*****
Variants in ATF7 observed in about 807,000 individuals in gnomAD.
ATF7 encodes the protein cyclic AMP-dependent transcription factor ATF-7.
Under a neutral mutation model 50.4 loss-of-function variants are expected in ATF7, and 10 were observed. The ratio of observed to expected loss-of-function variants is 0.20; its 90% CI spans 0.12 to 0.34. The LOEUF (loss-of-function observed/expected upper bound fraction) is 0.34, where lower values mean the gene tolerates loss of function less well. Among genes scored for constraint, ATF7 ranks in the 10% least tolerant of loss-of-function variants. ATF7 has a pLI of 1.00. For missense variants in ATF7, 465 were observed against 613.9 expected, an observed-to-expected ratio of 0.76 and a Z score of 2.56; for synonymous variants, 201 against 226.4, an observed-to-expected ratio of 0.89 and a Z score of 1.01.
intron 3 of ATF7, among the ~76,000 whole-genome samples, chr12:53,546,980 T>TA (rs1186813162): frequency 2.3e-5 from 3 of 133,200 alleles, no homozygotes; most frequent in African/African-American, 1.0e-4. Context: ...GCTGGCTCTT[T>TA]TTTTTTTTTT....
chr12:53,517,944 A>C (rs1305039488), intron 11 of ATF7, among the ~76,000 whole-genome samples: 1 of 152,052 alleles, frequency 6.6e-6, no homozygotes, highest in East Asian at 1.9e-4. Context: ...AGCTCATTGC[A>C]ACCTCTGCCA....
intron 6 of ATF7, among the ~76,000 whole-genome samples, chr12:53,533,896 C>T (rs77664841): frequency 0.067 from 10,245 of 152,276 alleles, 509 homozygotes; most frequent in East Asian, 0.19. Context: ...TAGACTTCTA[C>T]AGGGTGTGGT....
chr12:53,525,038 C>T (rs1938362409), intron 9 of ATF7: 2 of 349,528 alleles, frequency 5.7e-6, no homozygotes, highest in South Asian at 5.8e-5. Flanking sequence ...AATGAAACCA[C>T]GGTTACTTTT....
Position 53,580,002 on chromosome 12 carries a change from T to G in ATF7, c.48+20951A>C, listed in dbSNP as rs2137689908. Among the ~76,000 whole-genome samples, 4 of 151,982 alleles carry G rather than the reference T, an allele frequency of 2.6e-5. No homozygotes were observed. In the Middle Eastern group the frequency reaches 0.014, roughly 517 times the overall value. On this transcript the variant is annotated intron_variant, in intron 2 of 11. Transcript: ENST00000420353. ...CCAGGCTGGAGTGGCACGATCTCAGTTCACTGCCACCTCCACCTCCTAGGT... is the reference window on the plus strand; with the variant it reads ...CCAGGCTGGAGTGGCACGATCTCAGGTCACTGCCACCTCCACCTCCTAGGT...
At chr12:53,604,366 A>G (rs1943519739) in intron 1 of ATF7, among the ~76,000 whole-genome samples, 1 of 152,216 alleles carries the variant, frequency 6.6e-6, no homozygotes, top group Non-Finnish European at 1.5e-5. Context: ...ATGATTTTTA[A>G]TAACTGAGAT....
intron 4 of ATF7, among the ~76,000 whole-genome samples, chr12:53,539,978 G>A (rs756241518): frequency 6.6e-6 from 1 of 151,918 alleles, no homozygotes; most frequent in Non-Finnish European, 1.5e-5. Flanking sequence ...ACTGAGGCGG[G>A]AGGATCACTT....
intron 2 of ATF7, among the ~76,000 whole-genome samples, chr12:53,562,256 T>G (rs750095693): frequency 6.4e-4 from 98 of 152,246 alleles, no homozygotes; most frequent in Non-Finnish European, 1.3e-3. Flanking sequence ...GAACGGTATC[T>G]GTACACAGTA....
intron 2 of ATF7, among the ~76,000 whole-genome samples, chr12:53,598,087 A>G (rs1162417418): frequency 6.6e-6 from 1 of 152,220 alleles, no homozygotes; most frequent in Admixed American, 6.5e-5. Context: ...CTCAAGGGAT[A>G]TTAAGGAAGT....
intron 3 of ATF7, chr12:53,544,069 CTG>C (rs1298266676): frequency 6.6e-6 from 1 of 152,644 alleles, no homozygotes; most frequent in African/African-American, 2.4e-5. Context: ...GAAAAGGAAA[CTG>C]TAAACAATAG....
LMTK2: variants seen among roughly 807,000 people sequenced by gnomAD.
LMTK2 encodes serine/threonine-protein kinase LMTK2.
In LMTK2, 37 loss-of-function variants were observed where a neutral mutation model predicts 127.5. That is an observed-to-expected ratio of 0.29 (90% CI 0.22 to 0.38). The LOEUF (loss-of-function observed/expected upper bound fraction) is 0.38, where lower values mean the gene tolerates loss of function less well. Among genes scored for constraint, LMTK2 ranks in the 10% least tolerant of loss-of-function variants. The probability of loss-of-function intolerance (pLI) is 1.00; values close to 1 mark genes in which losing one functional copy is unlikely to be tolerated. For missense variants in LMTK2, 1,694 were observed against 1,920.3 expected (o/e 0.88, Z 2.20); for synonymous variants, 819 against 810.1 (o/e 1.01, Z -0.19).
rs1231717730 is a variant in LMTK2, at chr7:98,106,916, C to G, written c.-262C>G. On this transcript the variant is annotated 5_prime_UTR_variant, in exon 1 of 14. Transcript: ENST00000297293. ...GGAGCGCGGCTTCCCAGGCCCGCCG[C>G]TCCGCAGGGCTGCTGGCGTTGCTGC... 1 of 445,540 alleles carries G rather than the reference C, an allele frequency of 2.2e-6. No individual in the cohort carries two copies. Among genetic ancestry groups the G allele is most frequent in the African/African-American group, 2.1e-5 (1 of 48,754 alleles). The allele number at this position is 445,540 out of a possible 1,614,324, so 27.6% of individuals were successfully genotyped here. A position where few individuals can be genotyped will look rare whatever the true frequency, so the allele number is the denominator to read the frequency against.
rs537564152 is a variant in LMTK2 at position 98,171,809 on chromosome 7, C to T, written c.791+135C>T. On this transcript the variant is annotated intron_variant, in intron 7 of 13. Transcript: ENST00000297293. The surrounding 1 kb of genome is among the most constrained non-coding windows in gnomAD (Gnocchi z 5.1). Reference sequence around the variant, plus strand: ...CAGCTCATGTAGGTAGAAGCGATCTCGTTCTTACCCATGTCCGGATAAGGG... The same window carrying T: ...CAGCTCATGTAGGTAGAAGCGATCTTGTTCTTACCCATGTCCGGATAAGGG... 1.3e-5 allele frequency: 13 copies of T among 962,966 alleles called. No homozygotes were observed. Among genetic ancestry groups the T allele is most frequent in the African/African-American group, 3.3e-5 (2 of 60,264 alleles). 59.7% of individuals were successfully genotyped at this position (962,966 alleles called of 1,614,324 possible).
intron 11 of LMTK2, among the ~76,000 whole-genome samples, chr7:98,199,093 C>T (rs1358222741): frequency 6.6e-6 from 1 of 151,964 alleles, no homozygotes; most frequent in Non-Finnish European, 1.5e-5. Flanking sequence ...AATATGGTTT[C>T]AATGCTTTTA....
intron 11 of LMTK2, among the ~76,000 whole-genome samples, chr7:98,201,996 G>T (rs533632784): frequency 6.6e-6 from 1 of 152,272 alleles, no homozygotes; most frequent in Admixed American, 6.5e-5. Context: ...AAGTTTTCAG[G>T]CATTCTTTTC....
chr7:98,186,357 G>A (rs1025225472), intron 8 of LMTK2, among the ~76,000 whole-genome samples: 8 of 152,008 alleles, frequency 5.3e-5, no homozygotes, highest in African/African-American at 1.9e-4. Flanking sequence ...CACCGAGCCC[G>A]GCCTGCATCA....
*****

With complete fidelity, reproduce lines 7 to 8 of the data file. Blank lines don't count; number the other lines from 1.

chr12:53,525,038 C>T (rs1938362409), intron 9 of ATF7: 2 of 349,528 alleles, frequency 5.7e-6, no homozygotes, highest in South Asian at 5.8e-5. Flanking sequence ...AATGAAACCA[C>T]GGTTACTTTT....
Position 53,580,002 on chromosome 12 carries a change from T to G in ATF7, c.48+20951A>C, listed in dbSNP as rs2137689908. Among the ~76,000 whole-genome samples, 4 of 151,982 alleles carry G rather than the reference T, an allele frequency of 2.6e-5. No homozygotes were observed. In the Middle Eastern group the frequency reaches 0.014, roughly 517 times the overall value. On this transcript the variant is annotated intron_variant, in intron 2 of 11. Transcript: ENST00000420353. ...CCAGGCTGGAGTGGCACGATCTCAGTTCACTGCCACCTCCACCTCCTAGGT... is the reference window on the plus strand; with the variant it reads ...CCAGGCTGGAGTGGCACGATCTCAGGTCACTGCCACCTCCACCTCCTAGGT...